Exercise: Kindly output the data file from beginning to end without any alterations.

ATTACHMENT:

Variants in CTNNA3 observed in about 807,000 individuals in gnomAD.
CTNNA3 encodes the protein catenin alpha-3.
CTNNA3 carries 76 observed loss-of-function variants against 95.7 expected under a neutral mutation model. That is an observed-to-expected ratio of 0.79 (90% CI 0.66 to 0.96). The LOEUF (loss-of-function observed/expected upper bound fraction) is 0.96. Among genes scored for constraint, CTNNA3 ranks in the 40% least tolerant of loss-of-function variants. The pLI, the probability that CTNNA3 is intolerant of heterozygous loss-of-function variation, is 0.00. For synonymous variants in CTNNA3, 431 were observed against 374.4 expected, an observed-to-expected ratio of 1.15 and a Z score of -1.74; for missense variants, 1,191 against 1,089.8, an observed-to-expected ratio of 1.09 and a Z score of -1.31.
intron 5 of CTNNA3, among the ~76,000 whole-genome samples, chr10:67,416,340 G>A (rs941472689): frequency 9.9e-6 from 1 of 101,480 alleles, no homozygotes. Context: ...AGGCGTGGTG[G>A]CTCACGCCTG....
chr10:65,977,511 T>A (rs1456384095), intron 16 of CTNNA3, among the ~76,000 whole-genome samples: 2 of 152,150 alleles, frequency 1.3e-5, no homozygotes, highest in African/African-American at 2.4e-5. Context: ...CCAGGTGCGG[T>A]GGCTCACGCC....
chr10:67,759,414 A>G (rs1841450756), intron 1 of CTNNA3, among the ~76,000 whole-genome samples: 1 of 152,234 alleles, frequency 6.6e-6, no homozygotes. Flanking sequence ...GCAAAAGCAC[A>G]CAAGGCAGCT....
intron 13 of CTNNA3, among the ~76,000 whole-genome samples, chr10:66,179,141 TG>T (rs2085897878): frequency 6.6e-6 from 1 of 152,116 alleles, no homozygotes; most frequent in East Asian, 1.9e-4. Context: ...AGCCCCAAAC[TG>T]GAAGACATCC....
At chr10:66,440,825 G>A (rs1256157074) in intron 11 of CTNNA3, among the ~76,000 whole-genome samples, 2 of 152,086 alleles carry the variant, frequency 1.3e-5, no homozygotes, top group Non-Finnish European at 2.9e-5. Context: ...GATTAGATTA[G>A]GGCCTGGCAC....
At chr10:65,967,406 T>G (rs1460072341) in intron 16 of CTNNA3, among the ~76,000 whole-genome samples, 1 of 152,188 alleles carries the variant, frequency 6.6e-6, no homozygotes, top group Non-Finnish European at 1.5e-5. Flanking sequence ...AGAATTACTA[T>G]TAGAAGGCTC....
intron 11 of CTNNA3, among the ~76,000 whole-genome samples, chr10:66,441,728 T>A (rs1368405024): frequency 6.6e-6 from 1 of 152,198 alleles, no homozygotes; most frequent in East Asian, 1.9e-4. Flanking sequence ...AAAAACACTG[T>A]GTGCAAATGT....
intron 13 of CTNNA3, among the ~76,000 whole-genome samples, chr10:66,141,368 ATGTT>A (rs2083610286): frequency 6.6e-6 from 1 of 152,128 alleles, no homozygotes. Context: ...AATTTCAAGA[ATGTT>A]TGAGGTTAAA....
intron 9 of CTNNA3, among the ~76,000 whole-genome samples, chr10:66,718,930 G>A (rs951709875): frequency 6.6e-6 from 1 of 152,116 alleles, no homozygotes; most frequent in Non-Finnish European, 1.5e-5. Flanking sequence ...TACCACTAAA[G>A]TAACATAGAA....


Variants in CTNNA3 observed in about 807,000 individuals in gnomAD.
CTNNA3 encodes the protein catenin alpha-3.
CTNNA3 carries 76 observed loss-of-function variants against 95.7 expected under a neutral mutation model. That is an observed-to-expected ratio of 0.79 (90% CI 0.66 to 0.96). The LOEUF (loss-of-function observed/expected upper bound fraction) is 0.96. Among genes scored for constraint, CTNNA3 ranks in the 40% least tolerant of loss-of-function variants. The pLI, the probability that CTNNA3 is intolerant of heterozygous loss-of-function variation, is 0.00. For synonymous variants in CTNNA3, 431 were observed against 374.4 expected, an observed-to-expected ratio of 1.15 and a Z score of -1.74; for missense variants, 1,191 against 1,089.8, an observed-to-expected ratio of 1.09 and a Z score of -1.31.
intron 5 of CTNNA3, among the ~76,000 whole-genome samples, chr10:67,416,340 G>A (rs941472689): frequency 9.9e-6 from 1 of 101,480 alleles, no homozygotes. Context: ...AGGCGTGGTG[G>A]CTCACGCCTG....
chr10:65,977,511 T>A (rs1456384095), intron 16 of CTNNA3, among the ~76,000 whole-genome samples: 2 of 152,150 alleles, frequency 1.3e-5, no homozygotes, highest in African/African-American at 2.4e-5. Context: ...CCAGGTGCGG[T>A]GGCTCACGCC....
chr10:67,759,414 A>G (rs1841450756), intron 1 of CTNNA3, among the ~76,000 whole-genome samples: 1 of 152,234 alleles, frequency 6.6e-6, no homozygotes. Flanking sequence ...GCAAAAGCAC[A>G]CAAGGCAGCT....
intron 13 of CTNNA3, among the ~76,000 whole-genome samples, chr10:66,179,141 TG>T (rs2085897878): frequency 6.6e-6 from 1 of 152,116 alleles, no homozygotes; most frequent in East Asian, 1.9e-4. Context: ...AGCCCCAAAC[TG>T]GAAGACATCC....
At chr10:66,440,825 G>A (rs1256157074) in intron 11 of CTNNA3, among the ~76,000 whole-genome samples, 2 of 152,086 alleles carry the variant, frequency 1.3e-5, no homozygotes, top group Non-Finnish European at 2.9e-5. Context: ...GATTAGATTA[G>A]GGCCTGGCAC....
At chr10:65,967,406 T>G (rs1460072341) in intron 16 of CTNNA3, among the ~76,000 whole-genome samples, 1 of 152,188 alleles carries the variant, frequency 6.6e-6, no homozygotes, top group Non-Finnish European at 1.5e-5. Flanking sequence ...AGAATTACTA[T>G]TAGAAGGCTC....
intron 11 of CTNNA3, among the ~76,000 whole-genome samples, chr10:66,441,728 T>A (rs1368405024): frequency 6.6e-6 from 1 of 152,198 alleles, no homozygotes; most frequent in East Asian, 1.9e-4. Flanking sequence ...AAAAACACTG[T>A]GTGCAAATGT....
intron 13 of CTNNA3, among the ~76,000 whole-genome samples, chr10:66,141,368 ATGTT>A (rs2083610286): frequency 6.6e-6 from 1 of 152,128 alleles, no homozygotes. Context: ...AATTTCAAGA[ATGTT>A]TGAGGTTAAA....
intron 9 of CTNNA3, among the ~76,000 whole-genome samples, chr10:66,718,930 G>A (rs951709875): frequency 6.6e-6 from 1 of 152,116 alleles, no homozygotes; most frequent in Non-Finnish European, 1.5e-5. Flanking sequence ...TACCACTAAA[G>A]TAACATAGAA....